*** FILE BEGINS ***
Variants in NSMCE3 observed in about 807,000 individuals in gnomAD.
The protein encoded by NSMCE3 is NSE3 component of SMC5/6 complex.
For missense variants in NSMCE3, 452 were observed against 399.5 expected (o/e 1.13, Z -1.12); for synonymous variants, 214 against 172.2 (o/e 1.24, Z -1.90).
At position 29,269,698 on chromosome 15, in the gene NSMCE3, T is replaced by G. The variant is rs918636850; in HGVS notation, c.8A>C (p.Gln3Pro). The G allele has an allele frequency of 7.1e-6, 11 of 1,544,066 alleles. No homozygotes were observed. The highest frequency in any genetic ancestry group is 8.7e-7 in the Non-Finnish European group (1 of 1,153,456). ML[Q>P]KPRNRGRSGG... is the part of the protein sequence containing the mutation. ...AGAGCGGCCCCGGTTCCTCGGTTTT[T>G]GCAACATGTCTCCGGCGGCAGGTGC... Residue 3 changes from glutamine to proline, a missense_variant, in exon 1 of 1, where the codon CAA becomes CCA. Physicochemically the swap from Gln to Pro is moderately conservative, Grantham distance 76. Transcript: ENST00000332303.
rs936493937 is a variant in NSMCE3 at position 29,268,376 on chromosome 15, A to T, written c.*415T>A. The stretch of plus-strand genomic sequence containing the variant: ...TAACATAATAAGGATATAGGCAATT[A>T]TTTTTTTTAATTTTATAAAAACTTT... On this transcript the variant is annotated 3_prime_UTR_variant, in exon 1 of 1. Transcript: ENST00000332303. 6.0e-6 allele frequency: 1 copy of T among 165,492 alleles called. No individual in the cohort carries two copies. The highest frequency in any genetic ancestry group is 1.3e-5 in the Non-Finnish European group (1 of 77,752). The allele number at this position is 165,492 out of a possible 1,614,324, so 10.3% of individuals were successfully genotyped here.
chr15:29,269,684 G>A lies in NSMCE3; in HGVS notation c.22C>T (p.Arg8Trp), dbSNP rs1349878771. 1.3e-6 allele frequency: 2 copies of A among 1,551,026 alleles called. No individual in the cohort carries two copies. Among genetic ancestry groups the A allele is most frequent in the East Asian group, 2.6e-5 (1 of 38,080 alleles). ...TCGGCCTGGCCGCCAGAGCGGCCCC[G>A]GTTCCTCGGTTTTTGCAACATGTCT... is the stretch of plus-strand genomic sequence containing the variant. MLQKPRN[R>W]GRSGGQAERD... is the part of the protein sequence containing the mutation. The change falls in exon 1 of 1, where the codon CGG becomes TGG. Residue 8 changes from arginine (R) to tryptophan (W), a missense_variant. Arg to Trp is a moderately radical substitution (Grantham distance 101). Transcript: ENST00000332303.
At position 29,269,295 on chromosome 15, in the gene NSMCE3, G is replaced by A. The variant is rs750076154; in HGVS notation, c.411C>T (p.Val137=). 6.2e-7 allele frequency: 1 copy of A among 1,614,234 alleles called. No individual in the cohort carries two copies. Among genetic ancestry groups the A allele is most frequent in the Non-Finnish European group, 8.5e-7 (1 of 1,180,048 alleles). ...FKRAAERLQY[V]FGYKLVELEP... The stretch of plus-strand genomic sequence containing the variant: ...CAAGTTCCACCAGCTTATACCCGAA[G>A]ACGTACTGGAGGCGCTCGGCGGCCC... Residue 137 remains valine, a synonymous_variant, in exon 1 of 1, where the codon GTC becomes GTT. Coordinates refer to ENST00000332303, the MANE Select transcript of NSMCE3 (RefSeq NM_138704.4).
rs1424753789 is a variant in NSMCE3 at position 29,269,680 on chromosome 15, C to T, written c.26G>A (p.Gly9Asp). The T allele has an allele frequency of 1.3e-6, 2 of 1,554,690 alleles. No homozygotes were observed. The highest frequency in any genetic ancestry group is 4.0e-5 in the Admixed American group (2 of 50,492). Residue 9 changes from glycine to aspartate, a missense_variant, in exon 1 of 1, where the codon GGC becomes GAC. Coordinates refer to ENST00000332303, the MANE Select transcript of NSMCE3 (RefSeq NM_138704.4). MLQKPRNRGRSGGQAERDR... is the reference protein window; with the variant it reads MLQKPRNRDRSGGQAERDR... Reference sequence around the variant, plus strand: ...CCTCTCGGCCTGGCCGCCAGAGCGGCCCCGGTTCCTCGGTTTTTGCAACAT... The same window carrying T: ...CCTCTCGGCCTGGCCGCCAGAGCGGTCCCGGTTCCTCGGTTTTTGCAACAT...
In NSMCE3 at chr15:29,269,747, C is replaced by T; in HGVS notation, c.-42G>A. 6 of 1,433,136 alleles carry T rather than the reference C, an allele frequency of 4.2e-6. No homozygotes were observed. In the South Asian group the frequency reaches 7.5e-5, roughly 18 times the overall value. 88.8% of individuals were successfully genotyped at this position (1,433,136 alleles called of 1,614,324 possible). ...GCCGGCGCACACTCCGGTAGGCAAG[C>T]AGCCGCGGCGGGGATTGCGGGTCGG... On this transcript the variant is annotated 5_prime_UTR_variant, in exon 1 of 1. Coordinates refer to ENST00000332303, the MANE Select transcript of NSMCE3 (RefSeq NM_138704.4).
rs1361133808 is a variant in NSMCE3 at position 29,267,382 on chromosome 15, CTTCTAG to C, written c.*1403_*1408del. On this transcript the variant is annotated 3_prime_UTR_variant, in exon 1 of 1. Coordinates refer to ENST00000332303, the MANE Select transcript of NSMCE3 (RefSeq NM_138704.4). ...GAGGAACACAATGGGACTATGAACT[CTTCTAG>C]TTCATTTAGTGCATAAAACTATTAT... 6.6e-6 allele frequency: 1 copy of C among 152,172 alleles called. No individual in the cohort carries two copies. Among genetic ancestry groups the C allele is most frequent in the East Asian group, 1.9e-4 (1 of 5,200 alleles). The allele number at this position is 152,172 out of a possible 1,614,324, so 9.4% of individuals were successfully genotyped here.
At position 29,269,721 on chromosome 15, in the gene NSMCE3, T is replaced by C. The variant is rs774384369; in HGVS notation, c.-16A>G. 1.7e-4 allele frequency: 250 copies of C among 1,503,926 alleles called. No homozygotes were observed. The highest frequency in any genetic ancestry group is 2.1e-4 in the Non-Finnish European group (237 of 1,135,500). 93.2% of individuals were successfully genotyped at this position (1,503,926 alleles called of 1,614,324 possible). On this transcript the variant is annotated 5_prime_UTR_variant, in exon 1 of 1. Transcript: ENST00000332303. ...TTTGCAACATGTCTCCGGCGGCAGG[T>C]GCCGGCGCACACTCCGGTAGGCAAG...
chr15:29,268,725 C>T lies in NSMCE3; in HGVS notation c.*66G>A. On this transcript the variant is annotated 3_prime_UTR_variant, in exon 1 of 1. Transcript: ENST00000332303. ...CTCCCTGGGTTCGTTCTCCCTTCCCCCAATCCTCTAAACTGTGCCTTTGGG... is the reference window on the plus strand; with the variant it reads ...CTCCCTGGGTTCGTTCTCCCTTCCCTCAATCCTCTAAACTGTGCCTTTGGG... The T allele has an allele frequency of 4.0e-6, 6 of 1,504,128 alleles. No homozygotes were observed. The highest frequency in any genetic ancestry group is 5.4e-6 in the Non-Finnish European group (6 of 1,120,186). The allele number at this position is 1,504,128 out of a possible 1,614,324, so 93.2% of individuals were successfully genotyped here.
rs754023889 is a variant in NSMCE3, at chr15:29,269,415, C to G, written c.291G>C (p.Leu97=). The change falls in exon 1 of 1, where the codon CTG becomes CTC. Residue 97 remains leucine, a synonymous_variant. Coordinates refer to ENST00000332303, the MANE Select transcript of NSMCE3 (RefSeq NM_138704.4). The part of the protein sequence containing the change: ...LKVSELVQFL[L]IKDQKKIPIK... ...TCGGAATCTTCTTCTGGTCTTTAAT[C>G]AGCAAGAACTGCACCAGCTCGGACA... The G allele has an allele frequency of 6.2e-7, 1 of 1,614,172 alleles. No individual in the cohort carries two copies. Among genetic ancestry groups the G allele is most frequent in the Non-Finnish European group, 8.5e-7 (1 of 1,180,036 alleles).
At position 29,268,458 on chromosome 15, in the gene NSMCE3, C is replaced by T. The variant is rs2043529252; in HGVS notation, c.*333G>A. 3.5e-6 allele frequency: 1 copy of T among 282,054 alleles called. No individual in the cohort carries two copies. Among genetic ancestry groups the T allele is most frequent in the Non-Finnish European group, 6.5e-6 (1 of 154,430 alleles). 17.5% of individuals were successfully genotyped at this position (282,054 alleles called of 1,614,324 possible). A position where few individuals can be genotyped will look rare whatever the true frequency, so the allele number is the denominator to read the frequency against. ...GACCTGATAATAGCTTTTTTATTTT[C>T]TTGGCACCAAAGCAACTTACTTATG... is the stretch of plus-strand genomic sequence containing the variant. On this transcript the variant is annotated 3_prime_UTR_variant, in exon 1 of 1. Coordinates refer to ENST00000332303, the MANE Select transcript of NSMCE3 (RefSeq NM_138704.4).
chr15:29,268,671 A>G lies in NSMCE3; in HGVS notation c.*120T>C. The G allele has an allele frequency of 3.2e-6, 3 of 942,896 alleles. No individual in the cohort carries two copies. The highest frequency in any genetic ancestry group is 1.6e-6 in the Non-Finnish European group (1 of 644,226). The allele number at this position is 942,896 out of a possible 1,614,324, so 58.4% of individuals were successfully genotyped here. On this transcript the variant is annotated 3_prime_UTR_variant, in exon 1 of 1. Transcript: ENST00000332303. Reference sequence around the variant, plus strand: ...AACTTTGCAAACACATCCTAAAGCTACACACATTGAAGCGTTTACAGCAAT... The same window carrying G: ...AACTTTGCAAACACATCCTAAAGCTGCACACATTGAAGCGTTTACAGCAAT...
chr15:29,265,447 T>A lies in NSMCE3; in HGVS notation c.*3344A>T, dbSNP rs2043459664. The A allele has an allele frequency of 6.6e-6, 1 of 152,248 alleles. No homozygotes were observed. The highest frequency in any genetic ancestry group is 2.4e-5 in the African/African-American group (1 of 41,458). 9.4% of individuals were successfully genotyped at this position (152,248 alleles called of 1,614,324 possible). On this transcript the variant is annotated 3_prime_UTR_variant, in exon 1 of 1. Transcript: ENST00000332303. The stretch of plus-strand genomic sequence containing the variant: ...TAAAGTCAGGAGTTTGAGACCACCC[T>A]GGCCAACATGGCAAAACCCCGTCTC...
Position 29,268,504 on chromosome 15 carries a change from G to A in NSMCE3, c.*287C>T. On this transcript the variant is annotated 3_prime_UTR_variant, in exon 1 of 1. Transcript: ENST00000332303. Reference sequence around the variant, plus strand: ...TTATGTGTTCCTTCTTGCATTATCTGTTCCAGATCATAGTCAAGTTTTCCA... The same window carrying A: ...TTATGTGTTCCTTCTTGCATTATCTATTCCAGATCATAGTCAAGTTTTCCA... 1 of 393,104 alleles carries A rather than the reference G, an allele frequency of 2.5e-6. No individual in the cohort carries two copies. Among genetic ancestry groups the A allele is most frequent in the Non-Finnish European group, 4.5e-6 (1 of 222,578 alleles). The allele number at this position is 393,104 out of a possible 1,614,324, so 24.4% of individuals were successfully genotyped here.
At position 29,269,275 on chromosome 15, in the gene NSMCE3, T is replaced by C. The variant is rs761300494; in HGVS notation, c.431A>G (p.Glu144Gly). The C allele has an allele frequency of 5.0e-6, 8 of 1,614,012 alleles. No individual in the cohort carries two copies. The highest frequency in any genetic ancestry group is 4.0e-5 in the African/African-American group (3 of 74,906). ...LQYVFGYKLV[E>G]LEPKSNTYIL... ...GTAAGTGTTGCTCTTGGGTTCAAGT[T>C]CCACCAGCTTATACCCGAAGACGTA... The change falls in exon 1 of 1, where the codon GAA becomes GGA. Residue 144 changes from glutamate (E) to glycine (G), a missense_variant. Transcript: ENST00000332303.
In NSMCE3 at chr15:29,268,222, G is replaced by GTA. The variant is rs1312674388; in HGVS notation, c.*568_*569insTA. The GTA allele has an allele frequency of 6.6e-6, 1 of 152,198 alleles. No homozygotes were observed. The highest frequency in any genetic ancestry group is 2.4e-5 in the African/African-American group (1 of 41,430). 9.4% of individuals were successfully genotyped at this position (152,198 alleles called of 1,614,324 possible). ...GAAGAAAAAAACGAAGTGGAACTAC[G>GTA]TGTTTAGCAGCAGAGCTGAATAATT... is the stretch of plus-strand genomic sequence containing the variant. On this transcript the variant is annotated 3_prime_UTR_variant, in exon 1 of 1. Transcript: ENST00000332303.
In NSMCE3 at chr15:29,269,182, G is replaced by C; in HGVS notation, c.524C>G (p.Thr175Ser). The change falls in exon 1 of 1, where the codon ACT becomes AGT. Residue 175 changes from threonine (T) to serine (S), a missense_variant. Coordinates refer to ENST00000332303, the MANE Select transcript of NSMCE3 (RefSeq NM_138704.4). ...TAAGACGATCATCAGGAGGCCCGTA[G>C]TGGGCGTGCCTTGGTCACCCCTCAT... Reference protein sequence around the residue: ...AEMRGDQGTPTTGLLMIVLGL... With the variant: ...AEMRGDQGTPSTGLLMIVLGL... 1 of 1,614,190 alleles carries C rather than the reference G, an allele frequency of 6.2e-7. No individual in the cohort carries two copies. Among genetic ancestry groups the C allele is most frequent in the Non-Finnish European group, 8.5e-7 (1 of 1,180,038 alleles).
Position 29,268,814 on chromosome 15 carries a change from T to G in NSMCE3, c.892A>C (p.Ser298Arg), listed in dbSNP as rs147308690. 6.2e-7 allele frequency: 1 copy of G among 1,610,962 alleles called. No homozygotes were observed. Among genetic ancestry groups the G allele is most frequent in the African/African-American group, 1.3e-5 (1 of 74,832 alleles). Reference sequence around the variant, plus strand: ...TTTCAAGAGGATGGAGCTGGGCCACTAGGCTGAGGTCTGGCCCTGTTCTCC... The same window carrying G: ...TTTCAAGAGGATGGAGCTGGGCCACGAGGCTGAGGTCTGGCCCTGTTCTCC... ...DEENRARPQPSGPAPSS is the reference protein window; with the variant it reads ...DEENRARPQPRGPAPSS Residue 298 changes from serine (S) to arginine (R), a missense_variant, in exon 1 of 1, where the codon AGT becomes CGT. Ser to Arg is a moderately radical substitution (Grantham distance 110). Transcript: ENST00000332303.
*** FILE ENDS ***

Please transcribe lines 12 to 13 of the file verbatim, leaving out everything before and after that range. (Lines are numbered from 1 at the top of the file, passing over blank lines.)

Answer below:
chr15:29,268,725 C>T lies in NSMCE3; in HGVS notation c.*66G>A. On this transcript the variant is annotated 3_prime_UTR_variant, in exon 1 of 1. Transcript: ENST00000332303. ...CTCCCTGGGTTCGTTCTCCCTTCCCCCAATCCTCTAAACTGTGCCTTTGGG... is the reference window on the plus strand; with the variant it reads ...CTCCCTGGGTTCGTTCTCCCTTCCCTCAATCCTCTAAACTGTGCCTTTGGG... The T allele has an allele frequency of 4.0e-6, 6 of 1,504,128 alleles. No homozygotes were observed. The highest frequency in any genetic ancestry group is 5.4e-6 in the Non-Finnish European group (6 of 1,120,186). The allele number at this position is 1,504,128 out of a possible 1,614,324, so 93.2% of individuals were successfully genotyped here.
rs754023889 is a variant in NSMCE3, at chr15:29,269,415, C to G, written c.291G>C (p.Leu97=). The change falls in exon 1 of 1, where the codon CTG becomes CTC. Residue 97 remains leucine, a synonymous_variant. Coordinates refer to ENST00000332303, the MANE Select transcript of NSMCE3 (RefSeq NM_138704.4). The part of the protein sequence containing the change: ...LKVSELVQFL[L]IKDQKKIPIK... ...TCGGAATCTTCTTCTGGTCTTTAAT[C>G]AGCAAGAACTGCACCAGCTCGGACA... The G allele has an allele frequency of 6.2e-7, 1 of 1,614,172 alleles. No individual in the cohort carries two copies. Among genetic ancestry groups the G allele is most frequent in the Non-Finnish European group, 8.5e-7 (1 of 1,180,036 alleles).